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Two players play a game and the rules are as follows:

$N$ wooden pieces (marked with numbers from $1$ to $N$) are placed in a bottle. A player takes out some piece, say "$x$", from the bottle, and then also takes out "all pieces numbered by divisors of $x$". Play continues in alternating fashion until one piece (last piece) remains in the bottle. The player who picks the last piece wins the game.

If both players play optimally, then, for a given $N$ and given player who starts the game, who wins the game ?

I worked out eight-to-ten examples and believe the answer to be

Whoever starts the game always wins, regardless of $N$.

I am interested in the proof or intuition of the answer.

Can someone please help?

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    $\begingroup$ You found out the answer but you lack any proof or even intuition behind the answer? In what sense then can you claim to have 'found' the answer? So, here's what you should do: write down in what sense you say you have 'found' the answer ... that should translate into an intuition, and then hopefully you can try and prove it .. $\endgroup$ – Bram28 Mar 1 '18 at 20:42
  • $\begingroup$ @Bram28 The answer is "whoever starts the game always wins" and value of N doesn't matter. $\endgroup$ – Zephyr Mar 1 '18 at 20:43
  • $\begingroup$ OK, good ... so how did you 'find' that? What convinces you that the few examples you did generalize to any $N$? Try to express that, and you should have an intuition right there ... and on your way towards a proof (assuming the intuition is correct of course!) $\endgroup$ – Bram28 Mar 1 '18 at 20:44
  • $\begingroup$ @Bram28 Actually I tried for 8-10 examples and found this to be true always. I am not able to generalize it and that's why I posted it here looking for some convincing proof. $\endgroup$ – Zephyr Mar 1 '18 at 20:46
  • $\begingroup$ Hmm, but if you have no sense of how it generalizes, then again I question your claim that you have 'found out the answer' ... at best you might 'start to suspect the answer is ...' ... But anyway, I don't want to nit-pick semantics here ... let's see how we can find an intuition: are you not finding any kind of pattern in these examples at all? Maybe first try and systematically write out those 8-10 cases .. And maybe post that analysis: we always enjoy seeing some effort, and it might help us see a pattern you're not seeing. $\endgroup$ – Bram28 Mar 1 '18 at 20:49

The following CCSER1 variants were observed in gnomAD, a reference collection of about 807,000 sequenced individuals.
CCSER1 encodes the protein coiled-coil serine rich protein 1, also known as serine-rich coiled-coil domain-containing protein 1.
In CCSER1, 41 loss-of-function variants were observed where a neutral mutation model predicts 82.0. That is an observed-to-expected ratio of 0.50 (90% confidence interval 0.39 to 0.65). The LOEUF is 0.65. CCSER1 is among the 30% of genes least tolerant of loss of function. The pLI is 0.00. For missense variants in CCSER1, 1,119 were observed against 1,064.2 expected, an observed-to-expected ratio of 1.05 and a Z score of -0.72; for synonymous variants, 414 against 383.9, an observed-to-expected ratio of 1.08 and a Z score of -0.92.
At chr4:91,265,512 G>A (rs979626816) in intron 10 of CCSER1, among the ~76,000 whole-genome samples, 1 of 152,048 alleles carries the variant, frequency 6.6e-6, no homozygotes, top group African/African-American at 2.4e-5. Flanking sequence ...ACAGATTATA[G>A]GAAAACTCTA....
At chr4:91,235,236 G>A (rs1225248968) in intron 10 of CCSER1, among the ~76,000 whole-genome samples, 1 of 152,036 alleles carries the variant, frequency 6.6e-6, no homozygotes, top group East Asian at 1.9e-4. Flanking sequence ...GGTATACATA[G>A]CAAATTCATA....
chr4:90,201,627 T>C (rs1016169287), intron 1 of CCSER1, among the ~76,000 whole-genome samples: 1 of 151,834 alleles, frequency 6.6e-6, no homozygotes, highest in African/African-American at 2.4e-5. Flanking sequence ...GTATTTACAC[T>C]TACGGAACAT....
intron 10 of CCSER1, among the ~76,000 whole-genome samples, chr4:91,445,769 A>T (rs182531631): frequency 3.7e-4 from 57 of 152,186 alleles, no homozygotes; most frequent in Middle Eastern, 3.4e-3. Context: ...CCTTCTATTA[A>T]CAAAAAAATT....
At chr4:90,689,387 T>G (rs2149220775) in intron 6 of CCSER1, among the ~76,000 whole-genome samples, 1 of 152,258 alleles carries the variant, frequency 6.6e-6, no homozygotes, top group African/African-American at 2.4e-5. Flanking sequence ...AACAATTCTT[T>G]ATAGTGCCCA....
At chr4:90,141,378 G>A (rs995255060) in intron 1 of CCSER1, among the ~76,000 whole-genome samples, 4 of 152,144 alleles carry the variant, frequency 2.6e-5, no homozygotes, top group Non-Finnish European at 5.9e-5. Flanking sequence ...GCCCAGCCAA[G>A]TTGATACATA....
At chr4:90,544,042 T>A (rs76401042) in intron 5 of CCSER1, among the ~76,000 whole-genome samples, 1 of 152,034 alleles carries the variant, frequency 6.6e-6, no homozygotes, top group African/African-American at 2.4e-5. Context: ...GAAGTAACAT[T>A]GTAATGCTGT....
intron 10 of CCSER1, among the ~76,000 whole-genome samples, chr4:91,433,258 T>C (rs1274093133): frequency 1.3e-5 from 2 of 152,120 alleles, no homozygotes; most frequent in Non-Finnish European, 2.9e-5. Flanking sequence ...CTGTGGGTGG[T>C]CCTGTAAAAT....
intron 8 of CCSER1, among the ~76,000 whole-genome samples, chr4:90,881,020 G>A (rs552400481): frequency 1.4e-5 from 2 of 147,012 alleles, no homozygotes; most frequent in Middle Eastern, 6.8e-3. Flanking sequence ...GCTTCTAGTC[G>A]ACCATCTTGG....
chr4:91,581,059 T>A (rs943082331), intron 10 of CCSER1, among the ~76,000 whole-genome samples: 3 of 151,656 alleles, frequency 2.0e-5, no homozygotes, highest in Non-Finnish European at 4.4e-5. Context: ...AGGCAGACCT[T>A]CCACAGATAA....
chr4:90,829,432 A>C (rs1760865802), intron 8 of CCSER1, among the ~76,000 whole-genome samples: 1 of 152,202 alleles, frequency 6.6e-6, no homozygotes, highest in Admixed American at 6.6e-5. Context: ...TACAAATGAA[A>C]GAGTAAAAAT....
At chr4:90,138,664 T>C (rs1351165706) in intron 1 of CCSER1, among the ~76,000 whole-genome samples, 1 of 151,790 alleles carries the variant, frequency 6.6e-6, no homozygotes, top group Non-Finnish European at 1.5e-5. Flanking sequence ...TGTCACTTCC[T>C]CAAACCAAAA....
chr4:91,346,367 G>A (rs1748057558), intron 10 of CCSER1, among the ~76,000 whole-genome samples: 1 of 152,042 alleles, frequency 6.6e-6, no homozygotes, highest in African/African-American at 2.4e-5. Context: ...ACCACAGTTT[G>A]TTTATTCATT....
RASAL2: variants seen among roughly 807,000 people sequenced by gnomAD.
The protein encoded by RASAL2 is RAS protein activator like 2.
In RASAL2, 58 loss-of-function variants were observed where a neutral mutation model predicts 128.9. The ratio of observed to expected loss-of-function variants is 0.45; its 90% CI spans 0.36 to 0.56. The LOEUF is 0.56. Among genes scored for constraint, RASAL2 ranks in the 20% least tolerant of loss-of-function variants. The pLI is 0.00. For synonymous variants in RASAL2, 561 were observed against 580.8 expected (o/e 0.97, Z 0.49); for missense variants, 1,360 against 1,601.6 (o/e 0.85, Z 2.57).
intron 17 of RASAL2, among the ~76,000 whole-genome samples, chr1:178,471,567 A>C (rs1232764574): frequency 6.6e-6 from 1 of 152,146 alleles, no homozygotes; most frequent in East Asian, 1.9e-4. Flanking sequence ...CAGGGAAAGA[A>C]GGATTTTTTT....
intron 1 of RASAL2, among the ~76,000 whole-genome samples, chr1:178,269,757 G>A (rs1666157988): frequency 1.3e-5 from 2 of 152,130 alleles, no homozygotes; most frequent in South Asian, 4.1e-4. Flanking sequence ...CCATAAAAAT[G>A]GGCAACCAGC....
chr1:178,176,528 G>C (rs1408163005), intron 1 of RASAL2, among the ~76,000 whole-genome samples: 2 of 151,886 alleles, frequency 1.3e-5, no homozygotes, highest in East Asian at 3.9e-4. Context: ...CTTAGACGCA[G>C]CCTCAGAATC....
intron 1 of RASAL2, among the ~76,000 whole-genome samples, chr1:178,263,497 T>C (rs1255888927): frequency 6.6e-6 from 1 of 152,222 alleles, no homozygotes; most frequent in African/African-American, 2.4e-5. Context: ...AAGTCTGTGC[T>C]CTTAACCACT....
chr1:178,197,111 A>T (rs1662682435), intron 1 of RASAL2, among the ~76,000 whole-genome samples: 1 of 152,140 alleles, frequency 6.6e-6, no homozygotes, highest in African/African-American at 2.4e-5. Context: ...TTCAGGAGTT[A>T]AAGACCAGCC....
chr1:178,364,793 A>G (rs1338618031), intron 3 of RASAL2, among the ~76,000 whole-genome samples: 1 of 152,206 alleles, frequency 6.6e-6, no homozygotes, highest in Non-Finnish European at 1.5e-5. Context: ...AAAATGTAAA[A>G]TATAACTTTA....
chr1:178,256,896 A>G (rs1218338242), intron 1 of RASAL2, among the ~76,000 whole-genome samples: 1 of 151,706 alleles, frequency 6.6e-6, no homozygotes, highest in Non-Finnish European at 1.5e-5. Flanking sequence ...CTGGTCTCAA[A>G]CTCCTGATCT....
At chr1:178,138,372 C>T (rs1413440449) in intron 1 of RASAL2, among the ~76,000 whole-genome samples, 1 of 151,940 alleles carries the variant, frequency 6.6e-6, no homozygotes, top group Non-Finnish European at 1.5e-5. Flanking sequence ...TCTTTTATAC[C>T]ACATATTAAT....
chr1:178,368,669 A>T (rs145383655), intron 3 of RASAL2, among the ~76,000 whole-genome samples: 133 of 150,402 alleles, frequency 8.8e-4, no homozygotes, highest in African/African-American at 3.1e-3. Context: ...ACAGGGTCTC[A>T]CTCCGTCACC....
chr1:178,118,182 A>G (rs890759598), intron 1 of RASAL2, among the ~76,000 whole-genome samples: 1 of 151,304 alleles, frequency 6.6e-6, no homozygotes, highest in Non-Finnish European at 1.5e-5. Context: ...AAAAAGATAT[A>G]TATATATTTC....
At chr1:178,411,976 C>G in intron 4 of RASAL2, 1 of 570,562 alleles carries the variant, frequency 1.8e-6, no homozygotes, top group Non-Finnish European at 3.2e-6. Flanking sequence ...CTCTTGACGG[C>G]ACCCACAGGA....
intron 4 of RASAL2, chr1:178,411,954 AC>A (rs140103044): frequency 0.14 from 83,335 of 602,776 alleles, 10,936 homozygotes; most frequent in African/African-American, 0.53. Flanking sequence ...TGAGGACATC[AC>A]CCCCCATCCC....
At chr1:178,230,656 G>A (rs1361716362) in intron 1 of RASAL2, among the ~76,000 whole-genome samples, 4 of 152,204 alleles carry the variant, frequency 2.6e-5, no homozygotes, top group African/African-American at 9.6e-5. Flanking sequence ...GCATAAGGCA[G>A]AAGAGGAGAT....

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There is a simple existence proof of a first player win, but it doesn't help us find the winning strategy. As there are no draws and it is a finite game, one player must have a winning strategy for each $N$. For a given $N$, assume the second player can win. The second player must have a winning answer to the first player taking $1$. Whatever that move is, the first player can make it and be in the same place as the second player would be responding to $1$, so the first player can win. We have reached a contradiction, so the assumption that the second player can win must be wrong.

A similar proof works for many symmetric impartial games.

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  • $\begingroup$ Why are you assuming that first player will always pick 1 at the start ? Can you extend the proof if player 1 picks any other piece ? $\endgroup$ – Zephyr Mar 2 '18 at 6:07
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    $\begingroup$ More specifically, for $N=1$ it's clear the first player $P$ always wins. So for $N\ge2$, assume the second player $Q$ has a winning strategy, i.e. whatever sequence of moves $P$ makes, $Q$ has a sequence of moves that wins the game. We abuse this fact. How does $P$ "swap places" with $Q$? You have to note that $1$ is a divisor of every $n\in\mathbb{N}$. $\endgroup$ – palmpo Mar 2 '18 at 14:28
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    $\begingroup$ @Zephyr: the point is that picking $1$ is essentially passing your turn. If the second player picks $12$ we are missing $1,2,3,4,6,12$. If the first player picks $12$ instead, the second player is where the first would be. The existence of a pass move lets the first player win. Either the pass move wins or it doesn't. If it doesn't, the first player makes the winning response to the pass move and wins. This is called strategy stealing. $\endgroup$ – Ross Millikan Mar 2 '18 at 15:00

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